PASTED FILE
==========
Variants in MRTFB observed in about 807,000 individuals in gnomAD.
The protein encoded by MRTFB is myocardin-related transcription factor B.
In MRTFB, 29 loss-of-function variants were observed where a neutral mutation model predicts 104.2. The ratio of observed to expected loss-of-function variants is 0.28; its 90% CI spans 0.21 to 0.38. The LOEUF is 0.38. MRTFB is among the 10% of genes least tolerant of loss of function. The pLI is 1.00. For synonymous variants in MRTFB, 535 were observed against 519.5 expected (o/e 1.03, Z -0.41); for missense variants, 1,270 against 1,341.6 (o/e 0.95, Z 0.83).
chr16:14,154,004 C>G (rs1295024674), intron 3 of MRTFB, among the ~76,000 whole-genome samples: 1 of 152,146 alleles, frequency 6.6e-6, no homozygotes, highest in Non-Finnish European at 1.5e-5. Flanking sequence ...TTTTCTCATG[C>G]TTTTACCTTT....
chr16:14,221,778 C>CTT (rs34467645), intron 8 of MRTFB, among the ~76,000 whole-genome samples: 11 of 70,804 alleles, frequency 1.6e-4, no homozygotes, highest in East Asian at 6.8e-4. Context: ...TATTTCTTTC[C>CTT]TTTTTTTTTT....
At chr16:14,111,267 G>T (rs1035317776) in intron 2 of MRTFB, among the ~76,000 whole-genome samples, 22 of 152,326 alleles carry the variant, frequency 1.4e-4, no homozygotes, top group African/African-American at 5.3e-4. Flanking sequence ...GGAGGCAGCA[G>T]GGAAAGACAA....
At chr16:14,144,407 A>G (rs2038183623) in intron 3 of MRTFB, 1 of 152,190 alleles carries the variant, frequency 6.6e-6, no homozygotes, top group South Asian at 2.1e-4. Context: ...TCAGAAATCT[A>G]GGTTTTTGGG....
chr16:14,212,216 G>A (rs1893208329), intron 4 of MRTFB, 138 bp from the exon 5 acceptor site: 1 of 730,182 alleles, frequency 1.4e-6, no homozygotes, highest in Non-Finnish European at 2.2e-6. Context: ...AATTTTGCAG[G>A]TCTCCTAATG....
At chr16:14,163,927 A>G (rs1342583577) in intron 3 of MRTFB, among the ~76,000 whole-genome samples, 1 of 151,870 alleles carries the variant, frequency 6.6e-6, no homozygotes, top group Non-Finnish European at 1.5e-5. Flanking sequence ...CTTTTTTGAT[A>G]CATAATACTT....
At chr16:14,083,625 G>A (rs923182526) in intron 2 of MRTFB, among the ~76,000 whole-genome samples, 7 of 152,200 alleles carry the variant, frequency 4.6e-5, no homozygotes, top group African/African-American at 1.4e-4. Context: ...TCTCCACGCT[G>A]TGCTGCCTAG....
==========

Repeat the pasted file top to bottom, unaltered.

Variants in MRTFB observed in about 807,000 individuals in gnomAD.
The protein encoded by MRTFB is myocardin-related transcription factor B.
In MRTFB, 29 loss-of-function variants were observed where a neutral mutation model predicts 104.2. The ratio of observed to expected loss-of-function variants is 0.28; its 90% CI spans 0.21 to 0.38. The LOEUF is 0.38. MRTFB is among the 10% of genes least tolerant of loss of function. The pLI is 1.00. For synonymous variants in MRTFB, 535 were observed against 519.5 expected (o/e 1.03, Z -0.41); for missense variants, 1,270 against 1,341.6 (o/e 0.95, Z 0.83).
chr16:14,154,004 C>G (rs1295024674), intron 3 of MRTFB, among the ~76,000 whole-genome samples: 1 of 152,146 alleles, frequency 6.6e-6, no homozygotes, highest in Non-Finnish European at 1.5e-5. Flanking sequence ...TTTTCTCATG[C>G]TTTTACCTTT....
chr16:14,221,778 C>CTT (rs34467645), intron 8 of MRTFB, among the ~76,000 whole-genome samples: 11 of 70,804 alleles, frequency 1.6e-4, no homozygotes, highest in East Asian at 6.8e-4. Context: ...TATTTCTTTC[C>CTT]TTTTTTTTTT....
At chr16:14,111,267 G>T (rs1035317776) in intron 2 of MRTFB, among the ~76,000 whole-genome samples, 22 of 152,326 alleles carry the variant, frequency 1.4e-4, no homozygotes, top group African/African-American at 5.3e-4. Flanking sequence ...GGAGGCAGCA[G>T]GGAAAGACAA....
At chr16:14,144,407 A>G (rs2038183623) in intron 3 of MRTFB, 1 of 152,190 alleles carries the variant, frequency 6.6e-6, no homozygotes, top group South Asian at 2.1e-4. Context: ...TCAGAAATCT[A>G]GGTTTTTGGG....
chr16:14,212,216 G>A (rs1893208329), intron 4 of MRTFB, 138 bp from the exon 5 acceptor site: 1 of 730,182 alleles, frequency 1.4e-6, no homozygotes, highest in Non-Finnish European at 2.2e-6. Context: ...AATTTTGCAG[G>A]TCTCCTAATG....
At chr16:14,163,927 A>G (rs1342583577) in intron 3 of MRTFB, among the ~76,000 whole-genome samples, 1 of 151,870 alleles carries the variant, frequency 6.6e-6, no homozygotes, top group Non-Finnish European at 1.5e-5. Flanking sequence ...CTTTTTTGAT[A>G]CATAATACTT....
At chr16:14,083,625 G>A (rs923182526) in intron 2 of MRTFB, among the ~76,000 whole-genome samples, 7 of 152,200 alleles carry the variant, frequency 4.6e-5, no homozygotes, top group African/African-American at 1.4e-4. Context: ...TCTCCACGCT[G>A]TGCTGCCTAG....